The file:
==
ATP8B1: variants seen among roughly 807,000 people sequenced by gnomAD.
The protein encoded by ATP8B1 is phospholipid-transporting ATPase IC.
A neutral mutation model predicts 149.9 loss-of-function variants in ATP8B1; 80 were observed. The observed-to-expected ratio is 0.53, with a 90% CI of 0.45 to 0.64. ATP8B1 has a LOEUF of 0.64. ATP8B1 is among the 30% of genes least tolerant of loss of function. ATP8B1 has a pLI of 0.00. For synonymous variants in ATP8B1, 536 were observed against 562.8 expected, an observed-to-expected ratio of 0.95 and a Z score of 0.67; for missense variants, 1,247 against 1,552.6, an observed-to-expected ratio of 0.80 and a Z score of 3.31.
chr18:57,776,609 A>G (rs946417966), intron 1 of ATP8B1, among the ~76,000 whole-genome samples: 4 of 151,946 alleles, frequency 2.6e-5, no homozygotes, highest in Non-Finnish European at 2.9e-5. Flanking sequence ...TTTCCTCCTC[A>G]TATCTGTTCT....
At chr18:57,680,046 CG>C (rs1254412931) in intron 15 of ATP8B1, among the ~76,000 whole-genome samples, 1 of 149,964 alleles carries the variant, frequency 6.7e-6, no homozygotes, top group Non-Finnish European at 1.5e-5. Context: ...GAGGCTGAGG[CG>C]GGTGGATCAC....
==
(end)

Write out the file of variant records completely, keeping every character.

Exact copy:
ATP8B1: variants seen among roughly 807,000 people sequenced by gnomAD.
The protein encoded by ATP8B1 is phospholipid-transporting ATPase IC.
A neutral mutation model predicts 149.9 loss-of-function variants in ATP8B1; 80 were observed. The observed-to-expected ratio is 0.53, with a 90% CI of 0.45 to 0.64. ATP8B1 has a LOEUF of 0.64. ATP8B1 is among the 30% of genes least tolerant of loss of function. ATP8B1 has a pLI of 0.00. For synonymous variants in ATP8B1, 536 were observed against 562.8 expected, an observed-to-expected ratio of 0.95 and a Z score of 0.67; for missense variants, 1,247 against 1,552.6, an observed-to-expected ratio of 0.80 and a Z score of 3.31.
chr18:57,776,609 A>G (rs946417966), intron 1 of ATP8B1, among the ~76,000 whole-genome samples: 4 of 151,946 alleles, frequency 2.6e-5, no homozygotes, highest in Non-Finnish European at 2.9e-5. Flanking sequence ...TTTCCTCCTC[A>G]TATCTGTTCT....
At chr18:57,680,046 CG>C (rs1254412931) in intron 15 of ATP8B1, among the ~76,000 whole-genome samples, 1 of 149,964 alleles carries the variant, frequency 6.7e-6, no homozygotes, top group Non-Finnish European at 1.5e-5. Context: ...GAGGCTGAGG[CG>C]GGTGGATCAC....